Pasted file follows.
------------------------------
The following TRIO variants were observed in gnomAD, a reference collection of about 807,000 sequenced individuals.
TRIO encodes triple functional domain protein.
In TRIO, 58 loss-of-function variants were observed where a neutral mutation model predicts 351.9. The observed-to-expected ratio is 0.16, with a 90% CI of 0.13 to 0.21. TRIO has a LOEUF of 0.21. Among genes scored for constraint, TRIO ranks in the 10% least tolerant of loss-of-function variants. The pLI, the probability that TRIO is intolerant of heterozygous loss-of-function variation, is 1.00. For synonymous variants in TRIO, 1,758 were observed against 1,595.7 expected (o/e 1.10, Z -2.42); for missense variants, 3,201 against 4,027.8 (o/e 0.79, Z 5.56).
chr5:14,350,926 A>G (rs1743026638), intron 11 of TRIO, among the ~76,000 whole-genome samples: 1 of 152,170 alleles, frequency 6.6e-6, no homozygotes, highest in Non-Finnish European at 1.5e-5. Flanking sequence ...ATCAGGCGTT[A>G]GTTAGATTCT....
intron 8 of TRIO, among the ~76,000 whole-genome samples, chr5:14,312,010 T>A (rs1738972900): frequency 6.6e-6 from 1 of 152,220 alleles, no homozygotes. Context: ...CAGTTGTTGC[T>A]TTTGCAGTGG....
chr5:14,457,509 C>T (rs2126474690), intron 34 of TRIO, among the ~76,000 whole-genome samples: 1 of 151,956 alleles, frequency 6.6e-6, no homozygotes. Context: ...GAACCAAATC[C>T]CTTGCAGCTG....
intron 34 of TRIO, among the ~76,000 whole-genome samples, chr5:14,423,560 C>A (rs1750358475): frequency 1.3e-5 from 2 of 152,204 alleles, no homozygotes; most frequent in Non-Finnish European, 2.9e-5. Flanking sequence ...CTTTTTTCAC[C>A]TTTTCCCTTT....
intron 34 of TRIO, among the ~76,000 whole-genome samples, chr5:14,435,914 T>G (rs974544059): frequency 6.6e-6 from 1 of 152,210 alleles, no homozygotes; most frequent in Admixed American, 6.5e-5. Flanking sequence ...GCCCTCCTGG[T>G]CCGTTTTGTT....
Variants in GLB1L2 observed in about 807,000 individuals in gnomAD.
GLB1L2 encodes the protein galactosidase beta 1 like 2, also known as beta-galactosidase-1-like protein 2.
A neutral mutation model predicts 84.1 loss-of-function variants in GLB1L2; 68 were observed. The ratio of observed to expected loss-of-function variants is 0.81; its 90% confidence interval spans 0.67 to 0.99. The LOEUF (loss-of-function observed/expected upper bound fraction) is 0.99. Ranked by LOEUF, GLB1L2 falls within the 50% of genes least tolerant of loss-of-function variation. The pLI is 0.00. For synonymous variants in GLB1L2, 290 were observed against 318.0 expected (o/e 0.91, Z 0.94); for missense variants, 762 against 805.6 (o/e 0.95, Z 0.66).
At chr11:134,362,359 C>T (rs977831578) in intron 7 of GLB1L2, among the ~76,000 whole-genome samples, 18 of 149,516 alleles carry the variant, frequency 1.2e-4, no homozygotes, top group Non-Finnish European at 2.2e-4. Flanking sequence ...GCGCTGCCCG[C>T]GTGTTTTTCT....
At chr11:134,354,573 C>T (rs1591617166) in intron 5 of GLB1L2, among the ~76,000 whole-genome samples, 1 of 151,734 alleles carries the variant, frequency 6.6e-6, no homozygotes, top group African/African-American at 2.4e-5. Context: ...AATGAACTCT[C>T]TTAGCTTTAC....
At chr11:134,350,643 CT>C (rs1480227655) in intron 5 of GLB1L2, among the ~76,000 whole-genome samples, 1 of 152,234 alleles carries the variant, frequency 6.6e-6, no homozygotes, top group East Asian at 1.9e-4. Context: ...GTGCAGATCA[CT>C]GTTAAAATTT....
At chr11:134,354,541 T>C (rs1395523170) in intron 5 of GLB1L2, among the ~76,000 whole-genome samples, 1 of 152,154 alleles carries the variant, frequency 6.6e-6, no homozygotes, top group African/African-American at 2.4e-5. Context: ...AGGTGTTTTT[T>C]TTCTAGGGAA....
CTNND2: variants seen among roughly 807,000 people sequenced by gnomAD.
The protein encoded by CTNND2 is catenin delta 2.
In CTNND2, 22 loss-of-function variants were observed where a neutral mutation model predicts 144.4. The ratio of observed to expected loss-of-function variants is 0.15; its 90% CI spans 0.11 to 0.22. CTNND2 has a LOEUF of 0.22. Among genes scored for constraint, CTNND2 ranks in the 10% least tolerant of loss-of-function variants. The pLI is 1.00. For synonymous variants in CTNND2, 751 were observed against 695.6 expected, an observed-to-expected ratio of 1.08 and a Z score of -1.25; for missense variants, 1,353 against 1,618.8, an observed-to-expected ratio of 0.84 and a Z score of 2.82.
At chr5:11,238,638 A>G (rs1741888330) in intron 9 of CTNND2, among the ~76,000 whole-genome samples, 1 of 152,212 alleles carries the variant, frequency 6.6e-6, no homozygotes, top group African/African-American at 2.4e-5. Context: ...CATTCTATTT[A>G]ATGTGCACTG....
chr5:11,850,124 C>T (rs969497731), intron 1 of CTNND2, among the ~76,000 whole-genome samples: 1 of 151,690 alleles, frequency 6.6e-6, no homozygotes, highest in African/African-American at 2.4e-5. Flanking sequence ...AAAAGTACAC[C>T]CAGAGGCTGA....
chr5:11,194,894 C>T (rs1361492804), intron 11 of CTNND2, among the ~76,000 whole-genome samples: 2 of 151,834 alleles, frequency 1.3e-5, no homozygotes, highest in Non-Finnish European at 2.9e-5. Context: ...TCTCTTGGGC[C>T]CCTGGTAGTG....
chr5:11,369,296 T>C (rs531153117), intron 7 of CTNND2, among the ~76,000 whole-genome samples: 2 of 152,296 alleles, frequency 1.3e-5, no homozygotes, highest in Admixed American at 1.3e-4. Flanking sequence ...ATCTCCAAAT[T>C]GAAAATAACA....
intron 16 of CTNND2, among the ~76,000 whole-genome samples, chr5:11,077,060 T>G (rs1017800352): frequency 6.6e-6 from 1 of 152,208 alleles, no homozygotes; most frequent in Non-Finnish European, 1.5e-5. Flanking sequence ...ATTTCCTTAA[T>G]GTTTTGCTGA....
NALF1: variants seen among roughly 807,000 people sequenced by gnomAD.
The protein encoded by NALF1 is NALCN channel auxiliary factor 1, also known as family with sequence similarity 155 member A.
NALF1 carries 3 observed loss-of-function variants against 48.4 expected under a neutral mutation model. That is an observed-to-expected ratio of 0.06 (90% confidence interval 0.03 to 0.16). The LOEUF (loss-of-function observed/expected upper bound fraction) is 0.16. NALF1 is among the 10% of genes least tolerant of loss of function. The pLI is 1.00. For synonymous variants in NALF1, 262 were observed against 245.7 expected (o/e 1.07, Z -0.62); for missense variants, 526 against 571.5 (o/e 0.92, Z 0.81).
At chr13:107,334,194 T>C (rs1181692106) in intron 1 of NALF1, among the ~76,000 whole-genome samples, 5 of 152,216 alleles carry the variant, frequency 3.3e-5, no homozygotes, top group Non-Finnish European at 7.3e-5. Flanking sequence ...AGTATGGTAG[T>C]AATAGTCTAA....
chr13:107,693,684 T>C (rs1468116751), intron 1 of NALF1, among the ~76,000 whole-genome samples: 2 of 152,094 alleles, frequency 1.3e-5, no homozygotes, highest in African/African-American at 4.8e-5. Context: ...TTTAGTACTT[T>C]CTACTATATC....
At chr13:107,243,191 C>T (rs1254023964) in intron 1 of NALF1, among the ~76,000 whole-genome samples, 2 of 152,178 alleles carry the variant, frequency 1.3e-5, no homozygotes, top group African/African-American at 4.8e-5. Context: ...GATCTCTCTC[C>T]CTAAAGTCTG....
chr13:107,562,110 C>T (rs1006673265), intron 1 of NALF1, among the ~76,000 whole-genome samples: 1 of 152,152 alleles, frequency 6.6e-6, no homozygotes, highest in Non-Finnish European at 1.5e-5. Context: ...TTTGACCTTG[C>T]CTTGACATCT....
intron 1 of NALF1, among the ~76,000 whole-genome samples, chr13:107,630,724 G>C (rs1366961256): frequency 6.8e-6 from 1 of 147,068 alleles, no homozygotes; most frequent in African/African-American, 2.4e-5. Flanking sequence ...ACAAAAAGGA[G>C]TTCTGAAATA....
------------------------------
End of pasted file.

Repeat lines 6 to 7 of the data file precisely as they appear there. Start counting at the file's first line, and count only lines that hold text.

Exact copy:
chr5:14,457,509 C>T (rs2126474690), intron 34 of TRIO, among the ~76,000 whole-genome samples: 1 of 151,956 alleles, frequency 6.6e-6, no homozygotes. Context: ...GAACCAAATC[C>T]CTTGCAGCTG....
intron 34 of TRIO, among the ~76,000 whole-genome samples, chr5:14,423,560 C>A (rs1750358475): frequency 1.3e-5 from 2 of 152,204 alleles, no homozygotes; most frequent in Non-Finnish European, 2.9e-5. Flanking sequence ...CTTTTTTCAC[C>A]TTTTCCCTTT....